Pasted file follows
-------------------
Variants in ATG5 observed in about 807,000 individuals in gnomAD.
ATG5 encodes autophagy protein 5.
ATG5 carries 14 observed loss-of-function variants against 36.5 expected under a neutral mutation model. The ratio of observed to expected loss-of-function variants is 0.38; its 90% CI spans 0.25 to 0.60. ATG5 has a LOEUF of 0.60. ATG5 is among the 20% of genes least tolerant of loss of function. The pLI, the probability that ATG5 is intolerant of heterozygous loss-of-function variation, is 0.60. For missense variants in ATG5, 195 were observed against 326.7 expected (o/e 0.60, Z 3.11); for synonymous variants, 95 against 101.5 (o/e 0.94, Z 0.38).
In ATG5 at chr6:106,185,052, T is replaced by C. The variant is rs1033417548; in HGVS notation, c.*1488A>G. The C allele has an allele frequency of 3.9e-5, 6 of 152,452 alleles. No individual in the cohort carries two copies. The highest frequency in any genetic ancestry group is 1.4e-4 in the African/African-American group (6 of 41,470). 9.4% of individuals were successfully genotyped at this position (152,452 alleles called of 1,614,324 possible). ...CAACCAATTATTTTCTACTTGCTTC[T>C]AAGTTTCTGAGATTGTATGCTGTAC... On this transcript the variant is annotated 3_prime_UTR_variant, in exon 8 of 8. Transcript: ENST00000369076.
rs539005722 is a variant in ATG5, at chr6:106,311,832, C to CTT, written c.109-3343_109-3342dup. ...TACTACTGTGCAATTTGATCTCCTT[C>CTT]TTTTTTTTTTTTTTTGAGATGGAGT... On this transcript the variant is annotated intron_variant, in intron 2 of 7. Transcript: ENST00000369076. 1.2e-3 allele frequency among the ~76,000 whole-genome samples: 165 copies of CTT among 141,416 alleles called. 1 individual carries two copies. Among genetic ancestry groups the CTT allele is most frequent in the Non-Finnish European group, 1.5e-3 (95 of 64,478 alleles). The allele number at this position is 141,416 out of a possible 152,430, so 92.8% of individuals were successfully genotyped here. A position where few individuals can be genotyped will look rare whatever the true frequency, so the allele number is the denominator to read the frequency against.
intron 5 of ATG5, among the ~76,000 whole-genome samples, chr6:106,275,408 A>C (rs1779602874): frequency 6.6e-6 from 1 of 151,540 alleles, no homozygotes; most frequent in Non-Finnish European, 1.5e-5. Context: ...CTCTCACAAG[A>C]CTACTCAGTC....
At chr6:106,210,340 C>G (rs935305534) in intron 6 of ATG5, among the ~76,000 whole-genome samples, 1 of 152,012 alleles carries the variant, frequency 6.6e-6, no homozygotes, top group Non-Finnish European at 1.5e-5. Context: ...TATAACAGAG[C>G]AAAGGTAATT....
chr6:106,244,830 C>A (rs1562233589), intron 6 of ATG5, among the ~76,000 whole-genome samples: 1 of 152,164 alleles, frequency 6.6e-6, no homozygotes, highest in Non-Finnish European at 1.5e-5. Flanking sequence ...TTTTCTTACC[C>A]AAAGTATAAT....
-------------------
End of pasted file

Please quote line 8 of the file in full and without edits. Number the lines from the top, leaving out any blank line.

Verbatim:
chr6:106,244,830 C>A (rs1562233589), intron 6 of ATG5, among the ~76,000 whole-genome samples: 1 of 152,164 alleles, frequency 6.6e-6, no homozygotes, highest in Non-Finnish European at 1.5e-5. Flanking sequence ...TTTTCTTACC[C>A]AAAGTATAAT....